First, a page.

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Southern California Edison recently announced that it had signed contracts with solar and geothermal energy producers representing more than 1,500 megawatts of power, including 247 megawatts over 20 years from the planned Panoche Valley solar farm in south San Benito County. The contract helps the project move forward, as it needs to have a utility to which it can sell the electricity it produces. It still is seeking permits from the state and federal departments of fish and wildlife, which are expected to seek assurances that concerns about the project’s potential impact on endangered species are being addressed.

The solar project was approved by the county Board of Supervisors in 2010 and in 2011 was the subject of an unsuccessful lawsuit by environmental groups who argued that supervisors violated state environmental and ranchland preservation rules when they approved the $1.8 billion project. A state appeals court in 2013 upheld the local court’s rejection of the lawsuit.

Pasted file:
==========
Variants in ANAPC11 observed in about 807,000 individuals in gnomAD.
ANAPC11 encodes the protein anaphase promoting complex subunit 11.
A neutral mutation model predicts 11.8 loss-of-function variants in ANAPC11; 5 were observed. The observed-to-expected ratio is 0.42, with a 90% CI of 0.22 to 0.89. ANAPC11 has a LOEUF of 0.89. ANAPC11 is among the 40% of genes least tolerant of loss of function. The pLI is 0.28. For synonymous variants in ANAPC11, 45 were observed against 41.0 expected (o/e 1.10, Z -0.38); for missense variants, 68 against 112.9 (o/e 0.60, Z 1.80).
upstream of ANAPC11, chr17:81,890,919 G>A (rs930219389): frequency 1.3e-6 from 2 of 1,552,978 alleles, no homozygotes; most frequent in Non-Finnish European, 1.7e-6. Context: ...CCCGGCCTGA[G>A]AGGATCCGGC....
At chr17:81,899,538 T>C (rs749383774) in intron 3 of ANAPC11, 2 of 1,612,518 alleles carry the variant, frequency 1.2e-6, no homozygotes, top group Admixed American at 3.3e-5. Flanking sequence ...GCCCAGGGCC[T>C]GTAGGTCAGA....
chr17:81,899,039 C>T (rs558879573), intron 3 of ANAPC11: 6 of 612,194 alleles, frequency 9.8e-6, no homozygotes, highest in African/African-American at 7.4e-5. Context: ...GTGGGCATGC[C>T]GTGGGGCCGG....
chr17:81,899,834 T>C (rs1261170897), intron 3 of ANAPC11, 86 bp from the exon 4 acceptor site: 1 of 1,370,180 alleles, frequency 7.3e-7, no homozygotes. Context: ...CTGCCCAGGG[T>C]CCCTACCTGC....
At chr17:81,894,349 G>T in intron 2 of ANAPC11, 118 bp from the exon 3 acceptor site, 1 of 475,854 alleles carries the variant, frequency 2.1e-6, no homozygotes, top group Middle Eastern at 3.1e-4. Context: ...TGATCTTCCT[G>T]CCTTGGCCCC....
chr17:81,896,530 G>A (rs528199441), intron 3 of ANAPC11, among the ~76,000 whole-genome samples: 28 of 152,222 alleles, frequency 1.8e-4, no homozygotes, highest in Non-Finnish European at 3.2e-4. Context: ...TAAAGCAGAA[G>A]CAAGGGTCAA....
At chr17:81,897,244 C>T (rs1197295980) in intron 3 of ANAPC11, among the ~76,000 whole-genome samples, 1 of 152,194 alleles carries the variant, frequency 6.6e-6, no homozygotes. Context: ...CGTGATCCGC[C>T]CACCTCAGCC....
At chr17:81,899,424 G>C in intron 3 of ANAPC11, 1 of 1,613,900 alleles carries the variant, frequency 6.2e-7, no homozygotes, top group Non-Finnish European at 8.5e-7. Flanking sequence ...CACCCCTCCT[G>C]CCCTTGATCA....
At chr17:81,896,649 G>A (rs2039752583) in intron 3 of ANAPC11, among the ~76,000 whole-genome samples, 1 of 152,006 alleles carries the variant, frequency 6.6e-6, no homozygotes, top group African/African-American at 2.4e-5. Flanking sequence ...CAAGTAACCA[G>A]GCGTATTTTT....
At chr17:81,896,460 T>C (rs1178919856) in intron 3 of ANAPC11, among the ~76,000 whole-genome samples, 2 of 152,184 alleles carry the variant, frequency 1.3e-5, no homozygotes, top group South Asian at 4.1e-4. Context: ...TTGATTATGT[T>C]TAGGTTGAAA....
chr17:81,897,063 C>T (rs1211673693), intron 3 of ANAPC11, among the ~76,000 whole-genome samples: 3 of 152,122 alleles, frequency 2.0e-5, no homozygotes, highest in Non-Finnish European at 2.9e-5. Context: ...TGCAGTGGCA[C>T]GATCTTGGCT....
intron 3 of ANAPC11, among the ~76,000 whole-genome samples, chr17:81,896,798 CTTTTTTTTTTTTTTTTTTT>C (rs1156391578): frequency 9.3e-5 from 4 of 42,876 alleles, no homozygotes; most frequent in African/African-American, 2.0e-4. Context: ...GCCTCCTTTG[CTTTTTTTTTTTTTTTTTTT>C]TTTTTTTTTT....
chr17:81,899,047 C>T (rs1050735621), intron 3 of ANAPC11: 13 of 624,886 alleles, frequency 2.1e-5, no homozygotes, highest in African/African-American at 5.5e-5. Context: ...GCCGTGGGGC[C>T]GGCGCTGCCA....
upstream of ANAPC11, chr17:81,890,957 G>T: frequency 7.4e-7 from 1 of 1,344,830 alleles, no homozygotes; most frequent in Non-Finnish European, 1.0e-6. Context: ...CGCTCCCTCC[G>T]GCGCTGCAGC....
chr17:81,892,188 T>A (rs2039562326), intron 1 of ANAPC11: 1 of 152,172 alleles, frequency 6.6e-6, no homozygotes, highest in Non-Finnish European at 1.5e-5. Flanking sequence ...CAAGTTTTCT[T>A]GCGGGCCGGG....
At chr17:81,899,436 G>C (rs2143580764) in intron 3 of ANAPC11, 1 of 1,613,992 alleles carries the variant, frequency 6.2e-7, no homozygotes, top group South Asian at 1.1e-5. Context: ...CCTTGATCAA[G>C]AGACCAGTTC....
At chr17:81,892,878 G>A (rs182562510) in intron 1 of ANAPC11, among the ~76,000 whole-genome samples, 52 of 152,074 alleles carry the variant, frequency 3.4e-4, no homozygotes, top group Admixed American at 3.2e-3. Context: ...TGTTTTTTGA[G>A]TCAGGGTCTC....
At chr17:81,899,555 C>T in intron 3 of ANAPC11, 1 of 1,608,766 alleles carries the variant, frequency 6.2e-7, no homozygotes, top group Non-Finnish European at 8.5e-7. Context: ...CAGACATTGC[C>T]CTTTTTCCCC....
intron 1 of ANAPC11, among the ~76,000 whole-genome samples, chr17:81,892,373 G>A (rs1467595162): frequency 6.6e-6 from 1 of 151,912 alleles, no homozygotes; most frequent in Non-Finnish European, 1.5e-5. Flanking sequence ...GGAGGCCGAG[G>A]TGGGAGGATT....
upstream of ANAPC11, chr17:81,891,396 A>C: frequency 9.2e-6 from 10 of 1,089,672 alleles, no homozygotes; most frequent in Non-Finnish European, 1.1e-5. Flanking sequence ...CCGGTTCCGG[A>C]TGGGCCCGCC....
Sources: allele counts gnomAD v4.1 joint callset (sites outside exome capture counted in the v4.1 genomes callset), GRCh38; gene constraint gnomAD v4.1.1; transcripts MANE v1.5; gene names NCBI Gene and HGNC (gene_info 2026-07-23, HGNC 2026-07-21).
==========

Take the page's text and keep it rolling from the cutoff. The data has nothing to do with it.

In a press release, the utility isaid it “is committed to continuing to bring renewable power resources to our customers and helping achieve California’s environmental goals,” said Stuart R. Hemphill, SCE senior vice president, Power Supply and Operational Services. “These agreements will help us maintain diversity in our renewable energy portfolio.”   

The agreement, which is still subject to approval by the California Public Utilities Commission, indicates that the Panoche Valley solar farm will be online by 2019.

Want to know more?

To read the full press release from Southern California Edison, click here.

To read a 2010 National Public Radio story about the struggles faced by solar companies in California, click here.

For a story on the solar project’s loss in appeals court, read the story in the San Jose Mercury here.